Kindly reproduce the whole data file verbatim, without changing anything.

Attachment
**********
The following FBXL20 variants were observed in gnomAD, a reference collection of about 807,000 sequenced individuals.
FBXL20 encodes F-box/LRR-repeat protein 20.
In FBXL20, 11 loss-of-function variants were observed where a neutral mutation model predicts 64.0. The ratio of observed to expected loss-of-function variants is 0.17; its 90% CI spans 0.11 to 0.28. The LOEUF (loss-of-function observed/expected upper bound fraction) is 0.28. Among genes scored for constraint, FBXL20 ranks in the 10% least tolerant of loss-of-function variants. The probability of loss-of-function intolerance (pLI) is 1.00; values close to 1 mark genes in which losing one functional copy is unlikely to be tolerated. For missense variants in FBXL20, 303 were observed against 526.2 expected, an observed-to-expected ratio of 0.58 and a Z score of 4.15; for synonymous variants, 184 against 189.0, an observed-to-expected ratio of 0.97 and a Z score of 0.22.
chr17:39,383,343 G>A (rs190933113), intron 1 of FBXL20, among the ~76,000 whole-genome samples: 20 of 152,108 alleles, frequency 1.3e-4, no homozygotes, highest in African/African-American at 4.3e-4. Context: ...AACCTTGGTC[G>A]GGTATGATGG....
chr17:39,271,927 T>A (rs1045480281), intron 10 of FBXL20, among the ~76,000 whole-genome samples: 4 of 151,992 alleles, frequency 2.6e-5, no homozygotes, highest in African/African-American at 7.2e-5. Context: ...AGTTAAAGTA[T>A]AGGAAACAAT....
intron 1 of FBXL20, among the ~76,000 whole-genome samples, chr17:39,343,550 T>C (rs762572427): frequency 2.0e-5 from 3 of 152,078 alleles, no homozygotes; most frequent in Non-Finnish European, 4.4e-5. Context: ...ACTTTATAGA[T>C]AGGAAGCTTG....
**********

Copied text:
The following FBXL20 variants were observed in gnomAD, a reference collection of about 807,000 sequenced individuals.
FBXL20 encodes F-box/LRR-repeat protein 20.
In FBXL20, 11 loss-of-function variants were observed where a neutral mutation model predicts 64.0. The ratio of observed to expected loss-of-function variants is 0.17; its 90% CI spans 0.11 to 0.28. The LOEUF (loss-of-function observed/expected upper bound fraction) is 0.28. Among genes scored for constraint, FBXL20 ranks in the 10% least tolerant of loss-of-function variants. The probability of loss-of-function intolerance (pLI) is 1.00; values close to 1 mark genes in which losing one functional copy is unlikely to be tolerated. For missense variants in FBXL20, 303 were observed against 526.2 expected, an observed-to-expected ratio of 0.58 and a Z score of 4.15; for synonymous variants, 184 against 189.0, an observed-to-expected ratio of 0.97 and a Z score of 0.22.
chr17:39,383,343 G>A (rs190933113), intron 1 of FBXL20, among the ~76,000 whole-genome samples: 20 of 152,108 alleles, frequency 1.3e-4, no homozygotes, highest in African/African-American at 4.3e-4. Context: ...AACCTTGGTC[G>A]GGTATGATGG....
chr17:39,271,927 T>A (rs1045480281), intron 10 of FBXL20, among the ~76,000 whole-genome samples: 4 of 151,992 alleles, frequency 2.6e-5, no homozygotes, highest in African/African-American at 7.2e-5. Context: ...AGTTAAAGTA[T>A]AGGAAACAAT....
intron 1 of FBXL20, among the ~76,000 whole-genome samples, chr17:39,343,550 T>C (rs762572427): frequency 2.0e-5 from 3 of 152,078 alleles, no homozygotes; most frequent in Non-Finnish European, 4.4e-5. Context: ...ACTTTATAGA[T>C]AGGAAGCTTG....